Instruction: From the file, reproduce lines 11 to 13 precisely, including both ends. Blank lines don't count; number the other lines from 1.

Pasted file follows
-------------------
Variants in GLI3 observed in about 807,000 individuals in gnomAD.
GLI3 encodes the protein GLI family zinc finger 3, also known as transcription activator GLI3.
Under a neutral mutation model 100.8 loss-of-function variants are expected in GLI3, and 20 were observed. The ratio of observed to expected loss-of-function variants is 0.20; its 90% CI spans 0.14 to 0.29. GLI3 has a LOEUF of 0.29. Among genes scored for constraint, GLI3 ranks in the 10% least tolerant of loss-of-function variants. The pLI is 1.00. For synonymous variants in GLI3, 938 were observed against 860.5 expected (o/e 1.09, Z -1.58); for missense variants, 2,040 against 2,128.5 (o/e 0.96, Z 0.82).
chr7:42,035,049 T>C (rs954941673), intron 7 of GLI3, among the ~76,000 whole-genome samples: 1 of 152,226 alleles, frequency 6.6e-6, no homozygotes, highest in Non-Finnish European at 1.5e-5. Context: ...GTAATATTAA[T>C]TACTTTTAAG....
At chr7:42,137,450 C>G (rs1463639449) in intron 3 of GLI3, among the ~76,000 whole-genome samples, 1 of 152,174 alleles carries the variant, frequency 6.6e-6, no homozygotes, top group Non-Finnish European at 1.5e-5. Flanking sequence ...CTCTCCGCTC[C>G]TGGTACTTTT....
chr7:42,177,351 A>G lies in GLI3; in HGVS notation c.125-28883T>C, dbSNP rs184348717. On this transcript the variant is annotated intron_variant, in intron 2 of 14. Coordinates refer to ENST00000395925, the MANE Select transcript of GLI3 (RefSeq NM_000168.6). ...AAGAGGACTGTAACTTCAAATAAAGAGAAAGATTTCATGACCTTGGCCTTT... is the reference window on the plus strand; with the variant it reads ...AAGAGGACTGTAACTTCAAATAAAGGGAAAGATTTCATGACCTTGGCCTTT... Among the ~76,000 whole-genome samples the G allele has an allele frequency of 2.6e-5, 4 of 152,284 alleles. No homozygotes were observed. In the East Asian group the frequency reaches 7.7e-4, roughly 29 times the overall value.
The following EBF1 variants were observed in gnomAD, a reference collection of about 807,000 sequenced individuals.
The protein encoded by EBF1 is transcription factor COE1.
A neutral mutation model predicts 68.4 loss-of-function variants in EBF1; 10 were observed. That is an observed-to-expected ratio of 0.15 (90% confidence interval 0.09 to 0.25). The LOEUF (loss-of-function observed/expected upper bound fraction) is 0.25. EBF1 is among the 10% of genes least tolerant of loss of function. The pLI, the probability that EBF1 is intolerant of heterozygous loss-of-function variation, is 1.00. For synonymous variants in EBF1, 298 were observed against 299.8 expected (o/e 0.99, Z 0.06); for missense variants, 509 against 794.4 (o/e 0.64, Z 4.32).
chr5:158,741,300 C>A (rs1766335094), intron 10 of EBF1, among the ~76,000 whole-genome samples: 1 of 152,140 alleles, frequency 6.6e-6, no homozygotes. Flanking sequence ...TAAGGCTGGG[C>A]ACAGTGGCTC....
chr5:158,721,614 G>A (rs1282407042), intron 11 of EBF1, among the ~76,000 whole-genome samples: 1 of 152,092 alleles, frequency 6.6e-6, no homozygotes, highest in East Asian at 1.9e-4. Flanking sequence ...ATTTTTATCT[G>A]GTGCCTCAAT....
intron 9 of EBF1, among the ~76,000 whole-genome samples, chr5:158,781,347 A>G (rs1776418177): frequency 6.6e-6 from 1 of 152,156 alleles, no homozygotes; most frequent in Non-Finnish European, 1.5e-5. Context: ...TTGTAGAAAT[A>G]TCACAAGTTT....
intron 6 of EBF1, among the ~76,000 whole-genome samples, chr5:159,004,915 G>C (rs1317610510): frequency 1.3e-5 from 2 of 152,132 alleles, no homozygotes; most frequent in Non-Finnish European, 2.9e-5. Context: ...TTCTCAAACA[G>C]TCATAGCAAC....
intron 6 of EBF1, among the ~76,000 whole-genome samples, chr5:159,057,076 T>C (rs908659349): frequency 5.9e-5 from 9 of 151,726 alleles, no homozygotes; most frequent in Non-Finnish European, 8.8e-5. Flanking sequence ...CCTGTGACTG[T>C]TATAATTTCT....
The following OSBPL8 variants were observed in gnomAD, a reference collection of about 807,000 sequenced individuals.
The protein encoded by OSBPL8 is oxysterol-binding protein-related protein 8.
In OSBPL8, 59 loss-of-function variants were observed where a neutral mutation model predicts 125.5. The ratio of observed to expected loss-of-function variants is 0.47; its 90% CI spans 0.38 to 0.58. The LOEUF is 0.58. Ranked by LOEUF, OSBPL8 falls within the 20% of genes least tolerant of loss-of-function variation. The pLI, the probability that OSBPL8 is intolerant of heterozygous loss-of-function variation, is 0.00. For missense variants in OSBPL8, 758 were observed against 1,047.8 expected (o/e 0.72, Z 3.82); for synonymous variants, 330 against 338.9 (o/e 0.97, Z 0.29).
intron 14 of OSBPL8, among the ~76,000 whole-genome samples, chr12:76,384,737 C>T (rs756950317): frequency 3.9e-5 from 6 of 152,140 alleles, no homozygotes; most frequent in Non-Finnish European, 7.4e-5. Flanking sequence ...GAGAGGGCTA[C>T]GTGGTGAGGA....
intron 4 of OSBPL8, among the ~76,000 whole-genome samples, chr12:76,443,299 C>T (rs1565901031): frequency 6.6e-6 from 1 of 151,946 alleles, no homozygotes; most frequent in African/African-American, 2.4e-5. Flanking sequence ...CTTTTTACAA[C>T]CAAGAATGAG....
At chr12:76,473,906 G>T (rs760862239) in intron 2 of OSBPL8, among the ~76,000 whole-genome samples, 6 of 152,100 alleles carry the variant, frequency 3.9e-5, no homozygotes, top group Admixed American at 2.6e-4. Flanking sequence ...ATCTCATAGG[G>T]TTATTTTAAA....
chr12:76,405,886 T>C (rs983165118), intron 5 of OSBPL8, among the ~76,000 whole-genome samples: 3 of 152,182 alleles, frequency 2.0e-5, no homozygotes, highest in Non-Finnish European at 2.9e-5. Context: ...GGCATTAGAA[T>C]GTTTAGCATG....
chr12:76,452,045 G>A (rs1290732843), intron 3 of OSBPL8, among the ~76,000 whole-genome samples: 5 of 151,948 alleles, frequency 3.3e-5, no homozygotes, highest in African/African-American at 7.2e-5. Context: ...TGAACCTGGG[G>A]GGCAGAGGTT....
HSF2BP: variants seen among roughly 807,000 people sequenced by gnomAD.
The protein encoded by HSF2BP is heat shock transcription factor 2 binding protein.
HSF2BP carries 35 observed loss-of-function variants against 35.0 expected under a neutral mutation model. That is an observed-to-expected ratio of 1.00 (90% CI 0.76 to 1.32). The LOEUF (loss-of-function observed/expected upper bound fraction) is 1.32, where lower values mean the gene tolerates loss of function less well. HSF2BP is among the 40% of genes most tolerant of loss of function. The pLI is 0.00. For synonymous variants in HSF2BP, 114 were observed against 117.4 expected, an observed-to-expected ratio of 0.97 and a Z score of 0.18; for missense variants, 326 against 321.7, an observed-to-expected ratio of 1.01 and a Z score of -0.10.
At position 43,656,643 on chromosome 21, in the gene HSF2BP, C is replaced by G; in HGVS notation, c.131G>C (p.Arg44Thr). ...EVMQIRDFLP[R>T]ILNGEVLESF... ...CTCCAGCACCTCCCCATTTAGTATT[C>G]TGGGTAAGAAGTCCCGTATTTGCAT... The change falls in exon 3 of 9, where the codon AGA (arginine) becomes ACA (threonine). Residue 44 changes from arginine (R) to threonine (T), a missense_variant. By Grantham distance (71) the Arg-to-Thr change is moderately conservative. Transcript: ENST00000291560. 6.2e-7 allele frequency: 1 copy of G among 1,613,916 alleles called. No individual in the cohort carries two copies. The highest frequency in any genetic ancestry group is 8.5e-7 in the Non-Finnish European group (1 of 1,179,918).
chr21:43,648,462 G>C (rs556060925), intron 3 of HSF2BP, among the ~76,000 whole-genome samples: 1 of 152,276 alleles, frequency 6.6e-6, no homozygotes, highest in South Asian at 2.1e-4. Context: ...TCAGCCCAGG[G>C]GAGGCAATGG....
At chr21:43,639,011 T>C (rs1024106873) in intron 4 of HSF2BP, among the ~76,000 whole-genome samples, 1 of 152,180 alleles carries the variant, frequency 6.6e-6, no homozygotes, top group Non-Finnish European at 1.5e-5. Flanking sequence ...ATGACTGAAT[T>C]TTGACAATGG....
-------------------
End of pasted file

chr5:158,721,614 G>A (rs1282407042), intron 11 of EBF1, among the ~76,000 whole-genome samples: 1 of 152,092 alleles, frequency 6.6e-6, no homozygotes, highest in East Asian at 1.9e-4. Flanking sequence ...ATTTTTATCT[G>A]GTGCCTCAAT....
intron 9 of EBF1, among the ~76,000 whole-genome samples, chr5:158,781,347 A>G (rs1776418177): frequency 6.6e-6 from 1 of 152,156 alleles, no homozygotes; most frequent in Non-Finnish European, 1.5e-5. Context: ...TTGTAGAAAT[A>G]TCACAAGTTT....
intron 6 of EBF1, among the ~76,000 whole-genome samples, chr5:159,004,915 G>C (rs1317610510): frequency 1.3e-5 from 2 of 152,132 alleles, no homozygotes; most frequent in Non-Finnish European, 2.9e-5. Context: ...TTCTCAAACA[G>C]TCATAGCAAC....